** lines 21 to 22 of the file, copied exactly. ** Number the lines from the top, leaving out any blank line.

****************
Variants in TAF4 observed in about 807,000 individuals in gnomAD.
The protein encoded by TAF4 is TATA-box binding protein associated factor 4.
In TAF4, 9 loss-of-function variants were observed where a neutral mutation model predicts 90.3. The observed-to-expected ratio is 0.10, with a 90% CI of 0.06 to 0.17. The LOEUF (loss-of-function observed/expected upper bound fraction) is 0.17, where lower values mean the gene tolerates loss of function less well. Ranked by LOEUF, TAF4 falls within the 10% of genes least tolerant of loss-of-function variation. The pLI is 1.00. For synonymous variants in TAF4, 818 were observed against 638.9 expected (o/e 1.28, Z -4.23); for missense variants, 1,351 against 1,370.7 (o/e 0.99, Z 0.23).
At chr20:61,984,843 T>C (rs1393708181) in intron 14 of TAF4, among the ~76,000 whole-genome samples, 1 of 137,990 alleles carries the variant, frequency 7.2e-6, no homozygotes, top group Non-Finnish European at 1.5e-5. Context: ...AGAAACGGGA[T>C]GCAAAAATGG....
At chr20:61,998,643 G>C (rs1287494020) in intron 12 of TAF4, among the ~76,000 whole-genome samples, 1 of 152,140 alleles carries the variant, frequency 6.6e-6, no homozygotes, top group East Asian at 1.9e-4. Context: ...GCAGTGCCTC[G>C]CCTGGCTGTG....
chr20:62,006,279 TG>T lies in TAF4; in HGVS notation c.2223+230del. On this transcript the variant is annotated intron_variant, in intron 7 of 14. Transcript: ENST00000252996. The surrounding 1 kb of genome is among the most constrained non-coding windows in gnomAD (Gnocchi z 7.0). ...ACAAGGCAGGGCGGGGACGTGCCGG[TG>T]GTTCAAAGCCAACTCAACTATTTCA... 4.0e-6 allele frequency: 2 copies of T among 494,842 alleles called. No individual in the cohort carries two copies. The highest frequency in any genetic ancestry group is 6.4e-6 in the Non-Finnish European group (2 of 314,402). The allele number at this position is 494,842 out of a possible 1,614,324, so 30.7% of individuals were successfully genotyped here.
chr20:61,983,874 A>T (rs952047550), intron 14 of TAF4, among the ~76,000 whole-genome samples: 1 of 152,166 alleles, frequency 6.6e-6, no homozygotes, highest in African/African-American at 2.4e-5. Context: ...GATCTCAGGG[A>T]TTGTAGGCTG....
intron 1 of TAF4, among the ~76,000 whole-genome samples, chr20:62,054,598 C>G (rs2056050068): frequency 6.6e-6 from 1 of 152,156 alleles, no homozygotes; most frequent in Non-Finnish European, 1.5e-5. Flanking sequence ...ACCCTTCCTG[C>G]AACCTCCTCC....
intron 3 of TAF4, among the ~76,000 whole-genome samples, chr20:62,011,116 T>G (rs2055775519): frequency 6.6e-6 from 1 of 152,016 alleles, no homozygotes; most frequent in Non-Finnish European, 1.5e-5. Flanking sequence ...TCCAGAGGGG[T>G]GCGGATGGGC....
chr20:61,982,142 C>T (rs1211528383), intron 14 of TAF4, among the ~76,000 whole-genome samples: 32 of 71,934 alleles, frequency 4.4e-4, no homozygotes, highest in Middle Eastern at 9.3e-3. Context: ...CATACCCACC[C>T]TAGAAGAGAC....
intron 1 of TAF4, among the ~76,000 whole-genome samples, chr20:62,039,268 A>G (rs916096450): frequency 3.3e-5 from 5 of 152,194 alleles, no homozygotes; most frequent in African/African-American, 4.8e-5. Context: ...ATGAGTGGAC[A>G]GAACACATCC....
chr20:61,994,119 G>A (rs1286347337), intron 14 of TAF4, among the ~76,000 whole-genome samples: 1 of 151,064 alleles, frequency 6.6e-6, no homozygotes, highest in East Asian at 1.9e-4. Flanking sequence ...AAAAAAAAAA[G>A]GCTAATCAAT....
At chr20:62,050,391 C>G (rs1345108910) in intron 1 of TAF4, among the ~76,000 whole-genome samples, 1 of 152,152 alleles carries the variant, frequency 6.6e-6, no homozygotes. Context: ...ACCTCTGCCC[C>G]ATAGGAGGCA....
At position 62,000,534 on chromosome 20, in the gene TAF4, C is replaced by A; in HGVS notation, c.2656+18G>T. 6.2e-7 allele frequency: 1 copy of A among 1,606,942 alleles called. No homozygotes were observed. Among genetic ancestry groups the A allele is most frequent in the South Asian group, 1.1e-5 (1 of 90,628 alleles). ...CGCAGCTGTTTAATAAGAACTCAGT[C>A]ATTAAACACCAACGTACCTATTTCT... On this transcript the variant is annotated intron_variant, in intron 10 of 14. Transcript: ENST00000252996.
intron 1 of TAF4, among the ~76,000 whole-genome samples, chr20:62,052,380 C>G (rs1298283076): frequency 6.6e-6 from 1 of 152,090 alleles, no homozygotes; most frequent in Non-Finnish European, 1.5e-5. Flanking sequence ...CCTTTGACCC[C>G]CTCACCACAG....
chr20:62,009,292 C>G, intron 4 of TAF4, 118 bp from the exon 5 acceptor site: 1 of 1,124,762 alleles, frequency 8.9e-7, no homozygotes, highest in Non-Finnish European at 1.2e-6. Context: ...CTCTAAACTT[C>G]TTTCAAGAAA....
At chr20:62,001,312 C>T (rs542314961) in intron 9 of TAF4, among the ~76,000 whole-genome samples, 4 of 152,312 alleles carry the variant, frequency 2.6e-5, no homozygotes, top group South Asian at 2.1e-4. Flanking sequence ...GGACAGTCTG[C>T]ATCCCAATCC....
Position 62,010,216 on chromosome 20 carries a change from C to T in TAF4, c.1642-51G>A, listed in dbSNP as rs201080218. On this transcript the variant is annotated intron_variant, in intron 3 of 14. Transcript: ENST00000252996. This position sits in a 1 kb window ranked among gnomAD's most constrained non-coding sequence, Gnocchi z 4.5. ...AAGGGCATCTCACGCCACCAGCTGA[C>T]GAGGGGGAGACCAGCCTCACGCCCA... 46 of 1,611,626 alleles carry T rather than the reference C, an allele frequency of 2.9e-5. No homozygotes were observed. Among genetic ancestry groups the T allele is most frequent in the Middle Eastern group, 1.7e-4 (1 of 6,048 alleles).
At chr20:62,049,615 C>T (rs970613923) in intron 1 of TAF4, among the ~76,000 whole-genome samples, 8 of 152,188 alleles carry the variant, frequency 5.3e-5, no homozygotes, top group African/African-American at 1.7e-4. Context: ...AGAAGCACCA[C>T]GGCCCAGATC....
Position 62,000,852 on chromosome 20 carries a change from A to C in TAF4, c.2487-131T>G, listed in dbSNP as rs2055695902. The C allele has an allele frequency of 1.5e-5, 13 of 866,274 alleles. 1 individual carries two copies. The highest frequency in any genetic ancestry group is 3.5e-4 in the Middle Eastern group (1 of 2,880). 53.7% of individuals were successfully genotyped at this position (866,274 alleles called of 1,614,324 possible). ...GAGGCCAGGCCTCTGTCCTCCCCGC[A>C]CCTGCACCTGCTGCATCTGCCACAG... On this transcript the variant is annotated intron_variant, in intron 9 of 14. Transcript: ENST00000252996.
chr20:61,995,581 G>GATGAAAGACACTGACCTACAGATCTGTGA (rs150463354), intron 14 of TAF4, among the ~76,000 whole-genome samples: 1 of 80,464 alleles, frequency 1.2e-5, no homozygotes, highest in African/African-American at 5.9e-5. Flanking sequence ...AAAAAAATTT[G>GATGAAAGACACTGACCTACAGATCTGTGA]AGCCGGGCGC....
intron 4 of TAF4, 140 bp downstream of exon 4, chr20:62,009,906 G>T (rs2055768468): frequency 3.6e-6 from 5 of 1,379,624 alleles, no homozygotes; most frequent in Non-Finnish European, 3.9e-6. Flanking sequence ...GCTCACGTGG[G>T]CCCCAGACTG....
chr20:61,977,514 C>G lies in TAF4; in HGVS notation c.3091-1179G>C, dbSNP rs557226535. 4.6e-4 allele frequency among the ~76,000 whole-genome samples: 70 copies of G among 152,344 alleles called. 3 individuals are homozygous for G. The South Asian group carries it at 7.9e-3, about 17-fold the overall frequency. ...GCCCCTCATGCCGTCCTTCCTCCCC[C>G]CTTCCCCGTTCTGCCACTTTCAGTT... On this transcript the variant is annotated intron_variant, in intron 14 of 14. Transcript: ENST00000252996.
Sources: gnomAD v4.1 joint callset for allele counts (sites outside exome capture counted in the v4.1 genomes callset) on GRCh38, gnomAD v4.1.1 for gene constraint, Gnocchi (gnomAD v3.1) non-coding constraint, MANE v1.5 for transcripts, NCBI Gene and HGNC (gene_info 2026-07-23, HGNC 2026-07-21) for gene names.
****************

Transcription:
chr20:61,995,581 G>GATGAAAGACACTGACCTACAGATCTGTGA (rs150463354), intron 14 of TAF4, among the ~76,000 whole-genome samples: 1 of 80,464 alleles, frequency 1.2e-5, no homozygotes, highest in African/African-American at 5.9e-5. Flanking sequence ...AAAAAAATTT[G>GATGAAAGACACTGACCTACAGATCTGTGA]AGCCGGGCGC....
intron 4 of TAF4, 140 bp downstream of exon 4, chr20:62,009,906 G>T (rs2055768468): frequency 3.6e-6 from 5 of 1,379,624 alleles, no homozygotes; most frequent in Non-Finnish European, 3.9e-6. Flanking sequence ...GCTCACGTGG[G>T]CCCCAGACTG....